BAMANA STYLE CHI WARA HEADDRESSES, MALI

While originating from the African continent, these chi wara headdresses are likely not created by the tribe who invented the design. The tribal attribution indicates the origin of the design, not the object.


 

BAMANA STYLE
Chi Wara Horizontal

BAMANA STYLE
Chi Wara Females

 

BAMANA STYLE
Chi Wara Southern

Photographs © Hamill Gallery

BAMANA STYLE, CHI WARA HEADDRESSES, Mali

Bamana Chi Wara from Mali, represent and honor the mythological half man / half antelope hero who taught man how to cultivate the soil. They were worn as headdresses and danced in pairs to celebrate the union of male (sun), female (earth) and fibre costume (rain). This signified the cooperation needed for a successful harvest and community survival. Spelled alternately Ci Wara, Tyi Wara, etc. they illustrate the diversity of ways to represent an unwritten pronunciation. There are three types of Chi Wara headdresses; the familiar vertical style of the eastern Bamana, the more realistic horizontal style of the northern Bamana and the varied and more abstract forms of the Southern Bamana.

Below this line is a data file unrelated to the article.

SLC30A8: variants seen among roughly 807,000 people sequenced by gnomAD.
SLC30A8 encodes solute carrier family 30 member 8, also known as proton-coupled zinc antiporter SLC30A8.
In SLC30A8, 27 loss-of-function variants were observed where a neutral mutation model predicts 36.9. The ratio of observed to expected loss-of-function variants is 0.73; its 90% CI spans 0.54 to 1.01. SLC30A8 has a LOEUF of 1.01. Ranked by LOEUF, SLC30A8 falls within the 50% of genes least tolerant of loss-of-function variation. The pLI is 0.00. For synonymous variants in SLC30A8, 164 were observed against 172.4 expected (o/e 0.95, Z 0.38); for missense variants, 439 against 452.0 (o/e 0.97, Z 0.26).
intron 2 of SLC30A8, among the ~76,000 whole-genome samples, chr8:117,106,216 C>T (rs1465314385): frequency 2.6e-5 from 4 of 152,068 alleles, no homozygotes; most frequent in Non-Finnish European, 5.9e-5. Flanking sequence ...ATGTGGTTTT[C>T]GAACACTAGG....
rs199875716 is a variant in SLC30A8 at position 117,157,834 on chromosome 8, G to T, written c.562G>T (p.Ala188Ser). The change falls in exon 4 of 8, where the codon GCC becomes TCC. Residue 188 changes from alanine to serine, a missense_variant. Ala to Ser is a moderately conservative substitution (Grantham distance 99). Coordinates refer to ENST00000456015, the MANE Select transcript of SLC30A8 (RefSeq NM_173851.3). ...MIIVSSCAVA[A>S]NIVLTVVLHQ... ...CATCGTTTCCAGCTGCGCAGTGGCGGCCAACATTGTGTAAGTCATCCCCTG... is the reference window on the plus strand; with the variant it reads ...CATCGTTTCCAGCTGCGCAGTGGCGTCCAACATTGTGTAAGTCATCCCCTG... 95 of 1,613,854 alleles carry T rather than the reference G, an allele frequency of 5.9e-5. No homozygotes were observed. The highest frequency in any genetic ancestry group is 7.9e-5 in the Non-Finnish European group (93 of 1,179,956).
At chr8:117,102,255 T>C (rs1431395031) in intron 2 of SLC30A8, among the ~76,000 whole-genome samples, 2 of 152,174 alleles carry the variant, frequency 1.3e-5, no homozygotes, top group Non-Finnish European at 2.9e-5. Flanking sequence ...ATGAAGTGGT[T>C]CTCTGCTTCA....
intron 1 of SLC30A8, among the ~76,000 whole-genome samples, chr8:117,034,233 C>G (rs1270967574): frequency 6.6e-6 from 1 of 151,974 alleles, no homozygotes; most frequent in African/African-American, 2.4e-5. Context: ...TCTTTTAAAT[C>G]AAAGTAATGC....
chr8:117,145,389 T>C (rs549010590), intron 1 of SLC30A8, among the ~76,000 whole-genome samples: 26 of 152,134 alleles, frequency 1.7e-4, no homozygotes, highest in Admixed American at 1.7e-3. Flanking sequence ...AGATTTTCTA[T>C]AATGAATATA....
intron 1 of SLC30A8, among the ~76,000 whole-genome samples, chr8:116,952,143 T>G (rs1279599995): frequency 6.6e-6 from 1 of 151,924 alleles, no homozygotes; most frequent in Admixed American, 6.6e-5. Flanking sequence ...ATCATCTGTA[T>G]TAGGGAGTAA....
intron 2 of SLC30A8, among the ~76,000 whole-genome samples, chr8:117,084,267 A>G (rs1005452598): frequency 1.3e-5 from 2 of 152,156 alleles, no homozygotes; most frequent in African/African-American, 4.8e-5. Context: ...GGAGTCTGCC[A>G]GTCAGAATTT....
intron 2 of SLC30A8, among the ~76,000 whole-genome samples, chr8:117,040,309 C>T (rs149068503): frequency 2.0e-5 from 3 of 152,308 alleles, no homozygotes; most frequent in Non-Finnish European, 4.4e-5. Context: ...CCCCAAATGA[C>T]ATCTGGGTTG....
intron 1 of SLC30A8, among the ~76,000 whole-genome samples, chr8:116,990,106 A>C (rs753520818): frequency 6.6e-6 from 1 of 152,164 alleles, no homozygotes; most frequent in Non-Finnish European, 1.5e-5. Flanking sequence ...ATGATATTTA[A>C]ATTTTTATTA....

GO TO BAMANA STYLE CHI WARA FEMALE HEADDRESSES ARCHIVES PAGE (ALL SOLD)

GO TO BAMANA STYLE CHI WARA MALE HEADDRESSES ARCHIVES PAGE (ALL SOLD)

GO TO BAMANA STYLE CHI WARA PAIRS HEADDRESSES ARCHIVES PAGE (ALL SOLD)

GO TO BAMANA STYLE CHI WARA HORIZONTAL HEADDRESSES ARCHIVES PAGE (ALL SOLD)

GO TO BAMANA ART PAGE

GO TO BAMANA STYLE KOMO MASKS PAGE

GO TO BAMANA KONO MASKS ARCHIVES PAGE (ALL SOLD)

GO TO AFRICAN FIGURES PAGE

GO TO ANIMALIA EXHIBITION PAGE

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